“I could only choose two things,” Ella says quietly. “To hate myself, or to say, ‘There can be no freedom.'”
Tanit looks down at herself. Her wings shimmer. “Yet I reflect something,” she says. “For I am here.”
Ella tilts her head to one side. “You smell of cat,” she says. Then there’s a mad rage in her eyes, and she flings the fairy to one side, and Tanit flutters dazedly about and scarcely misses the wall.
“No!” Ella shouts.
At the sound of that voice, Ella goes still. Tanit becomes the drifting of disturbed cinders in the air; and if this is voluntary or involuntary, Ella does not know. She does not care. The voice is Aishah’s, and Aishah is walking in.
“Ella,” Aishah says, “you must not shout so, early in the morning.” She smiles. It’s a crooked, bent smile. “It is not surprising from a filthy cinder girl, but it is still improper.”
“I’m sorry,” Ella says. She ducks her head.
Aishah’s eyes widen. “Dear Ella,” she says.
“No,” whispers Ella; but Aishah walks to her, and lifts her chin.
“Why,” Aishah says, “there’s a hollow in your voice, and in your eyes.”
“You are becoming like us.” Some of the coldness fades from Aishah’s voice. It is layered, for a moment, with a bright, mad joy.
“Sister,” Aishah says, “it is a thing to celebrate. If this is so, I can give aside my torment of you, and spilling your meals in the ashes, and filling your drawers with spiders. At long last! We may be siblings again. I can dress you in finest raiment, and we can braid one another’s hair, and we can talk of fine and precious things.”
“I am not like you yet.”
Aishah’s eyes shutter. “No,” she says. And she walks to the door. “Yet still I will hold to pleasure, in my heart. For I have longed for this. I have longed for him to raise you up, to join us at his side, and no more the fiends, and no more the knives. I have missed you; and you have been too stubborn in your self to care.”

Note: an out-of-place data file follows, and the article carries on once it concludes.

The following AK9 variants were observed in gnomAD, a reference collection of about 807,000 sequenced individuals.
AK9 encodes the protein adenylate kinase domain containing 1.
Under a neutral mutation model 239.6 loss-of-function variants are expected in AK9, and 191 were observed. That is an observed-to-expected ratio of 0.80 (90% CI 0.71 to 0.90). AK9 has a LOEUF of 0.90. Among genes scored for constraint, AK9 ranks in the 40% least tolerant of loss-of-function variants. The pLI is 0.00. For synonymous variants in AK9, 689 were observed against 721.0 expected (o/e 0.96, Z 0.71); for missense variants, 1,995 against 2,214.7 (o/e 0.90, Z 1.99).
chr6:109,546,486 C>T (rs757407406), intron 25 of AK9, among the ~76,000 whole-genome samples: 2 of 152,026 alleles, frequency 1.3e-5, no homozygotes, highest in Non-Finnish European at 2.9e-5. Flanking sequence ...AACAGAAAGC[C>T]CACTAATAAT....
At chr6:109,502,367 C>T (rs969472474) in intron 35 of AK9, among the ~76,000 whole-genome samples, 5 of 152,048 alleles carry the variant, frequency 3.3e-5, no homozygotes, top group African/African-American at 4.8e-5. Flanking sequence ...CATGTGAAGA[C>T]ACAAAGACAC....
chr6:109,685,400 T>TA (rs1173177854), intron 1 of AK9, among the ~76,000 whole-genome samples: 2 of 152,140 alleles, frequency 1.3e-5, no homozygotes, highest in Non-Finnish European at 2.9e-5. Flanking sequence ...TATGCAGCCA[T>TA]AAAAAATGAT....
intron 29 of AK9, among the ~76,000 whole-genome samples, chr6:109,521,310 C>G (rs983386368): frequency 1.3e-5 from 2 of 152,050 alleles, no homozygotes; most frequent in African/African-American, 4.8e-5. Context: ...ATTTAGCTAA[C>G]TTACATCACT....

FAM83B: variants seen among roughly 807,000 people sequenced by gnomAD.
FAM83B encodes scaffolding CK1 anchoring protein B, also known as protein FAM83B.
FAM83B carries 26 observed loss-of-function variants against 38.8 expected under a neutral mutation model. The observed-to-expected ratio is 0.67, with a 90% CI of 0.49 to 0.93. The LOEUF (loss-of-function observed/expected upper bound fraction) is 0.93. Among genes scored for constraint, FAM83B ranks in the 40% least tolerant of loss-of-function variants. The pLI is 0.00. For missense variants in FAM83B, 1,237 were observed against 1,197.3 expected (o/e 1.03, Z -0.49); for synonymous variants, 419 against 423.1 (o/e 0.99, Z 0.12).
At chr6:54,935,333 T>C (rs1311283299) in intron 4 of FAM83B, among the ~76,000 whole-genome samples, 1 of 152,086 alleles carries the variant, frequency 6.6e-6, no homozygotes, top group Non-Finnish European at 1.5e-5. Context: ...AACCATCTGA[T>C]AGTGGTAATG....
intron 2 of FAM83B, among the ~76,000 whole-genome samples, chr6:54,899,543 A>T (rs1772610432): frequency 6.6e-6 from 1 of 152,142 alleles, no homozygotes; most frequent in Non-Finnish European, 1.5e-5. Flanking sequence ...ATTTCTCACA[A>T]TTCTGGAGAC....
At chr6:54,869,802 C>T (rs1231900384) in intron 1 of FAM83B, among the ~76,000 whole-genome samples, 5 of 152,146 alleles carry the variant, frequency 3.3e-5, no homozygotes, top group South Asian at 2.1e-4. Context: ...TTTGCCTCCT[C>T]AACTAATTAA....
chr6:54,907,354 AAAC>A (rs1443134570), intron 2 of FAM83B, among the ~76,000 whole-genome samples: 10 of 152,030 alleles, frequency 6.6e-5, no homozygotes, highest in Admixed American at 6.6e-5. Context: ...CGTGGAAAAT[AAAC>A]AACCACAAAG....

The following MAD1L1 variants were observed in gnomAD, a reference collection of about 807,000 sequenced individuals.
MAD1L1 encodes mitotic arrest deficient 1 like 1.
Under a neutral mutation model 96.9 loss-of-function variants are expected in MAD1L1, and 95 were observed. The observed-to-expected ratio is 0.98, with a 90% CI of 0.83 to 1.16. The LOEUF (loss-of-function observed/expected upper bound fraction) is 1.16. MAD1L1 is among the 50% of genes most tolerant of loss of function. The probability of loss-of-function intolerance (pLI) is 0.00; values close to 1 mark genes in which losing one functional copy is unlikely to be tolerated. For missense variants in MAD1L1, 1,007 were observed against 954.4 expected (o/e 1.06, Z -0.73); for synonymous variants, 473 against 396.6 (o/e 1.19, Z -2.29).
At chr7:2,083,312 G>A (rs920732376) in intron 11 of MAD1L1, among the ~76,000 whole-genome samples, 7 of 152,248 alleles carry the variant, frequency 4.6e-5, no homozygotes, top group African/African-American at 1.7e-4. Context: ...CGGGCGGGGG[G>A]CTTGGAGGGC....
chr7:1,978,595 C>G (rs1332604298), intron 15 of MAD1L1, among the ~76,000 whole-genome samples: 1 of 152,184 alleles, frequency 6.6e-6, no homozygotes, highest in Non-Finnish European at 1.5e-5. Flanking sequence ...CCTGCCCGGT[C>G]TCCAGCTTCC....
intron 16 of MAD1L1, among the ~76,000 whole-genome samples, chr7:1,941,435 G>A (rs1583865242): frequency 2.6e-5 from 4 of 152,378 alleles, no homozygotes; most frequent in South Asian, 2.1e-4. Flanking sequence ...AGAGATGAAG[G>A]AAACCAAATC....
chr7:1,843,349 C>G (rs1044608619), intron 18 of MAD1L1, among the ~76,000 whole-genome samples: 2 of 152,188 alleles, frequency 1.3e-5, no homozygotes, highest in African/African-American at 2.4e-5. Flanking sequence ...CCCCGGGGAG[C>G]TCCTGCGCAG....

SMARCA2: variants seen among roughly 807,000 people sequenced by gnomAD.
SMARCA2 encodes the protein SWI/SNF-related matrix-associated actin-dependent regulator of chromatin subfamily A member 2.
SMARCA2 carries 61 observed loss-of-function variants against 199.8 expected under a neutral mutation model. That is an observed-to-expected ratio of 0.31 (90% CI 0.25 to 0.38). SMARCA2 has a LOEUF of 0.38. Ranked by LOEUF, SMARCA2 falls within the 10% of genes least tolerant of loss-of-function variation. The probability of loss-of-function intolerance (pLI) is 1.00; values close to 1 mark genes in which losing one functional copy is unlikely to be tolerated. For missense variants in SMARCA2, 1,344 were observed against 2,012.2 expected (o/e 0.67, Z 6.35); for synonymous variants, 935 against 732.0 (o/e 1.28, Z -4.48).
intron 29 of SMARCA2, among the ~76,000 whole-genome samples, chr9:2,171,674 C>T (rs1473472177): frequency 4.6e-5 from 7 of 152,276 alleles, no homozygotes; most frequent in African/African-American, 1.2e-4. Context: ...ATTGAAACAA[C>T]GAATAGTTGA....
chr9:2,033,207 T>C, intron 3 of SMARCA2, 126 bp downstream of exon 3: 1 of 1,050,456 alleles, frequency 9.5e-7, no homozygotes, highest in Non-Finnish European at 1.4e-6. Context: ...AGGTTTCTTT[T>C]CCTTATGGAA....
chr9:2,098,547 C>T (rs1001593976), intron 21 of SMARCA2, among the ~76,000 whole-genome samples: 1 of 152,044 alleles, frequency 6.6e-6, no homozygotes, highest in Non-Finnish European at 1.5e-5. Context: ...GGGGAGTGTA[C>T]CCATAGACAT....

Then she is gone. And as Tanit reforms, Ella snatches her from the air, and Ella flees like a beast down into the castle’s depths.
“White Lion, White Lion,” she says.
White lion, white lion,
Would you taste of my skin?
Rip the King open from torso to chin.
White lion, white lion,
Do you want to be mine?
Rip the King open from stomach to spine.
White lion, white lion,
This maiden is yours
If you’ll kill the King whom my sister adores.
White Lion studies her for a time.
“I will tell you a secret,” it rumbles.
“What secret is that?”
“In all the years since Lia and Amiel,” White Lion says, “there has not been a hero.”
It is a cold white shock.
“Why are you not a god, Ella?” White Lion asks. “Why are you flesh? Why can my teeth cut you? Why can my claws cleave your bones?”
Ella hesitates. The pressure of its gaze is on her, and a blinding headache rises.
“Because there is a price.”
It pads forward, and its cage cracks and breaks. It sets its paw on her chest and she sinks like paper to the ground.
“Listen,” it breathes, and its stink washes over her. “We are as we define ourselves, whether fairy, fiend, or maid. If you wish a hero, then become one.”
Its mouth comes down over her, and swallows her in darkness and pain.
“What price?” she asks the darkness.
But in the end, it does not matter.
“I want to kill him,” she says.
The stench makes her dizzy. She is on the verge of fainting. She thinks about what she has chosen; and then makes a small correction.
“I promise,” she says. “I will kill him.”